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Biography: Greetings NAAE Members. It would be an honor to serve the NAAE as your next president-elect. I teach at Cherokee High School in Cherokee, AL. I am currently in my fifteenth year of teaching agriculture. I teach agriculture exploration, fundamentals of agriscience, agricultural construction, horticulture, and ag mechanics. I served six years as the Region V Secretary and Region V Vice President. I am married and have an 11 year-old son. My wife's name is Tanya and my son's name is Tyson. I grew up on a family farm in the Florence, AL area, in a community called Greenhill. My family and I currently live in Iuka, MS which is just across the state line from where I teach in Cherokee. I am very thankful for the mentors that have helped me during my 15 years of teaching. During my first year of teaching, I joined NAAE and have become more involved each year. As I look back over my career as an agriculture teacher, I can see how this organization has given me a great perspective for our profession.
Recruitment and Retention: We do what we love and we love what we do! I love my job and I am sure everyone else in this profession does as well. It is very important that during our normal daily duties as agriculture teachers, we find those that can someday fill our shoes in the profession, so that this profession obtains highly-qualified and trained agriculture teachers. I encourage every ag teacher to participate in National Teach Ag Day -- let's talk about what we love! If you have been teaching over 10 years, then it is likely that you will try to hang around for at least 15 more. It is hard enough to fill the open slots as it is, we do not need to add to this deficit. The XLR8 award program is a great way to add a little more fuel to a dwindling fire in education. It is important that we use our resources in education. Go out today and find a potential ag teacher! #teachag
Advocacy: We never know what each day may bring, so we need to be prepared the best way we can. As for our profession, how do we become more prepared to handle different circumstances? As agriculture teachers, along with all other career technical educators, we face a daily battle of having to fight for our programs locally, state-wide, and nationally. Sometimes you have to fight for what is yours! Agricultural education is ours! So how do we fight? Through Advocacy! First of all, advocacy must begin locally! As proud educators, we like to talk about our programs, hear our students talk to other students about our programs, and hear the community talk about our programs. All of this talking is called advocacy! We have to make sure, for the most part, that we advocate for ourselves, and not expect someone else to do it for us. To promote our profession, we definitely need to be advocating to our students as much as possible. We can do this by talking to them about ag education and other agricultural careers. I would also like to encourage all of our NAAE members to advocate for the profession as a whole. Talk the talk of agricultural education to your members of Congress, so they can see the importance of funding what we do as agricultural educators.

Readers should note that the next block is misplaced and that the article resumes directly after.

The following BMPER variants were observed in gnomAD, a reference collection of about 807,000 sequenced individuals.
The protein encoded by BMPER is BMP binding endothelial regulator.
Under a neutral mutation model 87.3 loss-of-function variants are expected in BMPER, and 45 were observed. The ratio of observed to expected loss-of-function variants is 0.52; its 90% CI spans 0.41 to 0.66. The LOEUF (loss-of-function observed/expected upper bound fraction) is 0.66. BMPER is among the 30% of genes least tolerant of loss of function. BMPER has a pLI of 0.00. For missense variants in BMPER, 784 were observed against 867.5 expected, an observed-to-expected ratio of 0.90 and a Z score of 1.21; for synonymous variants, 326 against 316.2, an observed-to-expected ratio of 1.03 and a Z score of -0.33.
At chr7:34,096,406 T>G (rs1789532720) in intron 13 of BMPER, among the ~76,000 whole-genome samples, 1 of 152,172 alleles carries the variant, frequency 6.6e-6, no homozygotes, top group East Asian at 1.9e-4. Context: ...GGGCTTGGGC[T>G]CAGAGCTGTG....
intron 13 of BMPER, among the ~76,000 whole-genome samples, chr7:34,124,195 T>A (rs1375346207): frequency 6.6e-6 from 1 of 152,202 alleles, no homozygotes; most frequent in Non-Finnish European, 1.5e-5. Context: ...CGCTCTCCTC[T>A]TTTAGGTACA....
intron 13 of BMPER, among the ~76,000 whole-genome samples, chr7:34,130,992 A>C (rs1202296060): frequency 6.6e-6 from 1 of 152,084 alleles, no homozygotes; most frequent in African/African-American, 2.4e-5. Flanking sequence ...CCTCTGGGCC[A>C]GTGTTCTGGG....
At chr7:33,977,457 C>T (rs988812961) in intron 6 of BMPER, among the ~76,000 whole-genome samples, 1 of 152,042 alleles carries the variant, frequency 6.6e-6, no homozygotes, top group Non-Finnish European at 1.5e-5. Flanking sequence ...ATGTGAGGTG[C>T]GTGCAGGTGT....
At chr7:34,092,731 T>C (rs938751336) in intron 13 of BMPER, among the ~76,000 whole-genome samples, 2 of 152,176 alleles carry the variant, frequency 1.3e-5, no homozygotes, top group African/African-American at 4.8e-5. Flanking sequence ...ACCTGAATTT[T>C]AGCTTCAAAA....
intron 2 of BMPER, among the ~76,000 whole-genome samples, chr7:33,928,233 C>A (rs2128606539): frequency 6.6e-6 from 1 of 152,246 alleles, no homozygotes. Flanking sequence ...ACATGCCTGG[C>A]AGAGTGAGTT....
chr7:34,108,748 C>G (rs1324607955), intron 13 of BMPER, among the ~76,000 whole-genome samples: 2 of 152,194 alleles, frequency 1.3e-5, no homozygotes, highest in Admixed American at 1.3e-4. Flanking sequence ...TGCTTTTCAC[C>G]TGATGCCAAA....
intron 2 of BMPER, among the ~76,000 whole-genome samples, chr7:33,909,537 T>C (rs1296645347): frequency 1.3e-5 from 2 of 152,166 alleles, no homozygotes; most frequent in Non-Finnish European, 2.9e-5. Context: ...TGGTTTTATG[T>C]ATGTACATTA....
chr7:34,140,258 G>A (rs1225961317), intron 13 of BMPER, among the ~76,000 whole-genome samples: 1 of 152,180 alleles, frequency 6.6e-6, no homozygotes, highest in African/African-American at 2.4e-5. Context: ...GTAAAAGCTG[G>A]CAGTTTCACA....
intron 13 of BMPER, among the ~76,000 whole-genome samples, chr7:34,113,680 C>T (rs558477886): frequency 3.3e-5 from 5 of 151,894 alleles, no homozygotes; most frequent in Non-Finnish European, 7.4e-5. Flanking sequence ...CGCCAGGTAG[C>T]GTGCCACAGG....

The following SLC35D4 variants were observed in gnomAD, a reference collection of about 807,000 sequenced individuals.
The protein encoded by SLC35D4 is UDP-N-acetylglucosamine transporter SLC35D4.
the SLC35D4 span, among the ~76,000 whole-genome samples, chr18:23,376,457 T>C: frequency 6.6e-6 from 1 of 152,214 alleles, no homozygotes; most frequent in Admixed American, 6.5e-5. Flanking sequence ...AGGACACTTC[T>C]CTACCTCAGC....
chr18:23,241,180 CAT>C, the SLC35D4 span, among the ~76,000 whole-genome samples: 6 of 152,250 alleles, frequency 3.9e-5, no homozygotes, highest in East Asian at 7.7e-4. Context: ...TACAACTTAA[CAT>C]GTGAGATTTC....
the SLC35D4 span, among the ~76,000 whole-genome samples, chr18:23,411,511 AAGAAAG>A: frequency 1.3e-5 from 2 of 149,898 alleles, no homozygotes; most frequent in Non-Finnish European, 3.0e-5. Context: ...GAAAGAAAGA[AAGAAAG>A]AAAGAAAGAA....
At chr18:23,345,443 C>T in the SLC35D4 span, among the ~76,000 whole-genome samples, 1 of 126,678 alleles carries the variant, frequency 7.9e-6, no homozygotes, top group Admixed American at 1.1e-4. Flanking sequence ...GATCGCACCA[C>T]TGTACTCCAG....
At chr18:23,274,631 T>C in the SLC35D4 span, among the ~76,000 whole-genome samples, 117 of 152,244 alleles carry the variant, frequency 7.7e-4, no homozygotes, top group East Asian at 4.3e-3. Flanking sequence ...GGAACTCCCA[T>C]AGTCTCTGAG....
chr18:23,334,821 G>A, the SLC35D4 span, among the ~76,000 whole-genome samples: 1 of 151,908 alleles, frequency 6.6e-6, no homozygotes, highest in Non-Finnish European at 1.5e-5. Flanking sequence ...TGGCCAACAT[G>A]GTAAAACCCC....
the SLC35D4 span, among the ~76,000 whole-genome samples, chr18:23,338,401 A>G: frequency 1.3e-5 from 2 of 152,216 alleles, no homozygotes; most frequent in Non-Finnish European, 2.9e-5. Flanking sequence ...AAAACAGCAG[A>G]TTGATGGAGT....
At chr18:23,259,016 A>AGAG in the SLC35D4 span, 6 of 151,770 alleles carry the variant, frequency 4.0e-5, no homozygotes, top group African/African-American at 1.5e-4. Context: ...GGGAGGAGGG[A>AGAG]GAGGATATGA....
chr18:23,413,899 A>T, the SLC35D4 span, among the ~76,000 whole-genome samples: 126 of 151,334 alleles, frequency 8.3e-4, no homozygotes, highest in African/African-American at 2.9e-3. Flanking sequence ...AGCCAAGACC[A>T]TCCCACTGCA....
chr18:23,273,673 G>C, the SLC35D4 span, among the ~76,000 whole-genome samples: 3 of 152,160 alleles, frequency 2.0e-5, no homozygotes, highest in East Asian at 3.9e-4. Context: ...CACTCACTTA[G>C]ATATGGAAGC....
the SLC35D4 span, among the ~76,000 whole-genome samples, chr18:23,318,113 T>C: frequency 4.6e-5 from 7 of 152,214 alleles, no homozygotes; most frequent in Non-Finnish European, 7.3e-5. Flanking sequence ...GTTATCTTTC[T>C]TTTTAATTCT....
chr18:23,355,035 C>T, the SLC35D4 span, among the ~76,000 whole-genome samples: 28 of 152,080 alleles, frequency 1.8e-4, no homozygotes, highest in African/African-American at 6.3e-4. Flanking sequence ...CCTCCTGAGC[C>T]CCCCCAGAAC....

Agricultural Education: When an ag teacher is talking with someone in the community and they ask "what is it you do?," the answer is typically, "I am the ag teacher at the school!" Then someone immediately follows with "Oh I see where your kids have done this, or are doing that!" and "They have been winning a lot of FFA awards!" There is no doubt that agriculture and FFA have a positive impact on the community. If there are service projects to do, our programs are usually part of them. Our students' success is provided through our teaching and our leadership. As agricultural educators, we need to focus on the profession as a whole, not just the FFA successes, but the classroom and SAE successes as well. We need to make our programs as rigorous and relevant as possible. We need to always identify ways of incorporating STEM into our agriculture lessons, so we can maintain high levels of academic standards. This is important in every ag curriculum, whether it is agriscience in the classroom, or agricultural mechanics in the shop. For the continuing success of our programs and the impact we make on our students, it is important that we try to incorporate these into the classroom. I believe it will be even more important for us to have strong partnerships with teacher education institutions such as ACTE, National FFA Alumni, National FFA, the department of education in each state, and other agriculture organizations.
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Help Build the House Upon the Rock!
There was an old sow with three little pigs, and as she had not enough room to keep them, she sent them out to seek their fortune. The first that went off met a man with a bundle of straw and said to him, "Please, man, give me that straw to build me a house." The man did, and the little pig built a house with it. The wolf quickly blew the house down.
The second little pig met a man with a bundle of sticks and said, "Please, man, give me that stick to build a house." The man did, and the pig built his house. The wolf quickly blew the house down.